Well, I guess it’s worth making the point that people have been trying to inhibit the growth of cancer tumours for a very, very long time, but if you restrict your thinking about that to the modern era, lets say the last sort of 30-odd years or so, a huge amount of the effort has gone into coming up with drugs that interact with targets in or on the tumour cells themselves and block them. And, broadly speaking, this has been extremely unsatisfactory and unsuccessful, notwithstanding the fact that some of these drugs are in fact in clinical use, but by and large their effects are very limited even when they exert a beneficial effect at all. About 20 years ago a very clever guy who’s just recently died called Judah Folkman, he came up with notion that it might be worth people thinking about an alternative approach, and this arose from the evidence that he had that is now widely accepted that to grow, tumours need to establish their own blood supply, so they are a normal growth in the body but like every other cell in the body they need nutrients, they need oxygen and they need a way to get rid of their waste.
The long and short of all of this is the model whereby tumour cells, once they actually kick off and start growing beyond a certain very small size, up to which state they are called dormant tumours, have to recruit host blood vessels and what Folkman argued - and a lot of people since have thought the same - was that those would be very good targets to inhibit if you're trying to target tumour growth, because the cells of the blood vessels are normal tissue in the host and what that means is they should be genetically stable, so the genetic instability that characterises tumour cells and is the bugbear of therapy in the sense that the cells are primed, if you like, to come up with strategies for short circuiting any kind of inhibitor that you care to throw at them and they're generally very good at doing that. Maybe this wouldn't work with tumour vasculature and so he and a considerable amount of other people have done a lot of work developing particular inhibitors of the major pathway that turns on this process of new vessel growth called angiogenesis, and the most potent growth factor in doing that is a thing called VEGEF, vascular endothelial growth factor.
And that work has met with some success, to the extent that there is a drug in clinical use that has FDA approval, but it’s been a pretty rocky road and really, rather like many other great white hopes of cancer therapy, it really hasn't worked out as we hoped and the way that we thought. Nevertheless, a lot of work is still going into blocking blood vessel growth and we’ve been trying to do it by an alternative strategy which is to disrupt the signalling pathways in the endothelial cells in a very specific way by using viruses, so essentially we make an artificial construct, stick it into a virus to give us infectivity, we design the construct so that it is only turned on in endothelial cells by putting the appropriate promoter in and then the inhibitor strategy is either to have a cytotoxic gene as part of the construct or alternately to have a mutated version of one of the key concepts that are involved in signalling angiogenesis. And it sounds really quite ingenious and I suppose it is, and we’ve done a lot of work on that, so have other people. But I have to say that if I’m really honest about it, we've not published very much on that and the reason for that is, like a lot of other cancer therapies in development, we can show data that shows that you can set a tumour growing in mice and the tumour grows and grows, and then you treat with a virus and it stops growing or it even regresses or whatever, but the problem is that if you carry on those experiments for longer than about 30-odd days, what almost invariably happens is that the tumours overcome the inhibitor and they carry on growing in the end in a perfectly normal fashion, an uninhibited fashion. So we’ve learned an awful lot, it’s a very interesting field, I think it still has some way to go but at the moment it’s still in the same category as many other cancer therapies, the kind of…nice try, but no cigar.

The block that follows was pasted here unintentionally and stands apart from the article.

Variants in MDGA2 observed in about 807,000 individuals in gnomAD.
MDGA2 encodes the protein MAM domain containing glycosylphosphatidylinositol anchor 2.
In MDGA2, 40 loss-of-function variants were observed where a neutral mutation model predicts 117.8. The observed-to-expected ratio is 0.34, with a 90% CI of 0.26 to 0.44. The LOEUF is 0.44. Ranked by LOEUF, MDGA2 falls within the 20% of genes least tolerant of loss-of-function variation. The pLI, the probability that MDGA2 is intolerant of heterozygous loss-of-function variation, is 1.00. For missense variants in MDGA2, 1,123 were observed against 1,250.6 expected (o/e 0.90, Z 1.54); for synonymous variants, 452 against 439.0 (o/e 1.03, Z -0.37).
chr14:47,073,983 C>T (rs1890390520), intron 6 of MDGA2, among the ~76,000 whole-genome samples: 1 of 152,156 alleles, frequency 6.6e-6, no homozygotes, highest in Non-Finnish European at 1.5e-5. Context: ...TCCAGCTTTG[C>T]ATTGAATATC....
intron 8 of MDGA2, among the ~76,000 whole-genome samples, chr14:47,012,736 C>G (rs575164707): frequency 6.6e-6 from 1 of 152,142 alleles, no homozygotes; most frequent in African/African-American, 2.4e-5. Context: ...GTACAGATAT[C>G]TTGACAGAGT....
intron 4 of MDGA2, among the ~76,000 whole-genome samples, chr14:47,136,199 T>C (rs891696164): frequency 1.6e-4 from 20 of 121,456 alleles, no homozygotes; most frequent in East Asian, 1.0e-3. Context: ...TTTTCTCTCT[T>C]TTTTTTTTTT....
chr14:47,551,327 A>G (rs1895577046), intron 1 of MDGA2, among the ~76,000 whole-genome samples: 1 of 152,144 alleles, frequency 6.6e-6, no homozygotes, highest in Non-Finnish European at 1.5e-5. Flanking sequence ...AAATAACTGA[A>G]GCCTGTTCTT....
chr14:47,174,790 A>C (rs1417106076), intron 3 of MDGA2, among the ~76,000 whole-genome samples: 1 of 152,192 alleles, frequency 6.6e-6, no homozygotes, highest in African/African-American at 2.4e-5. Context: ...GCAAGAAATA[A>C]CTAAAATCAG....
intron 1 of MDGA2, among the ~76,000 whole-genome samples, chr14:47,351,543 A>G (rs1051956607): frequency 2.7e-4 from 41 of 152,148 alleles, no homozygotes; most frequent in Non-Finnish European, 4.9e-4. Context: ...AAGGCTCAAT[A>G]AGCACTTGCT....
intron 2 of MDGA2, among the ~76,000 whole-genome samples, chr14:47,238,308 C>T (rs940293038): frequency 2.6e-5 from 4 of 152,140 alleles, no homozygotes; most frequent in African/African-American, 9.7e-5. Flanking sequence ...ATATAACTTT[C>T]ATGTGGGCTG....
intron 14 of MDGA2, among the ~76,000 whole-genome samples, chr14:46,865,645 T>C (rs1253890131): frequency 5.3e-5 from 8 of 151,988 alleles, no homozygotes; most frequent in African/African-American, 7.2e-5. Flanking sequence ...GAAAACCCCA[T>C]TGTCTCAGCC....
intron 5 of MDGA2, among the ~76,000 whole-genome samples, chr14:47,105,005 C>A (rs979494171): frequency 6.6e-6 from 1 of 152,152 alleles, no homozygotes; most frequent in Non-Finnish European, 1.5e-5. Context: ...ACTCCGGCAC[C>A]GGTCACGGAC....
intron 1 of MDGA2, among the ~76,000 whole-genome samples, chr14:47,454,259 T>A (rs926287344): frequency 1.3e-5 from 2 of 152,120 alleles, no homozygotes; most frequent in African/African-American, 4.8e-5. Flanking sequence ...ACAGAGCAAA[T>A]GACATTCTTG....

The optimistic way of looking at it might be, well, with that method of delivery, of course its not 100% efficient, so you hit a limited number of the cells of the endothelium and if the tumour’s not going full steam ahead, that’s to say its relatively small, then at that stage that may be to say that it’s very effective, it’s like having a bit of a headache and taking an aspirin. But if you've got a migraine, thats not going to do you any good, in other words, if the tumour has got to the stage of being really quite well-developed in size, with really quite well-developed vasculature, which is of course is the situation which you are trying to counter in the clinic very often, then maybe because your targeting efficiency isn't great or for other reasons it simply doesn't work, and it may well be for other reasons, it may well be that you can come up with these very clever ways of targeting a signalling pathway, for instance. But the tumour cells, or in this case even the endothelial cell, says well, to hell with that, we’ll just use another signalling pathway, it’s not a tumour cell, it doesn't have a highly mutated genome, but that doesn't alter the fact that it’s got a lot of strings to its bow, in terms of signalling pathways that it can call on, so it’s this kind of…in tumour cells it’s this genetic flexibility but even in ordinary cells theres a flexibility in terms of what the cell can do, it’s why a lot of drugs in the end don’t work because you ramp up the concentration of the drug and eventually the cell just makes more and more of the target to overcome the drug and you reach the stage where you can’t go on any longer, so maybe it’s something like that and we need to be more clever about our targeting strategies. I think that’s one thing that could improve the efficiency of target, that’s to say the proportion of the target cells that you hit and the dose that you hit them with, but we’re still at the stage of trying to overcome those problems; it’s very frustrating, but that’s science.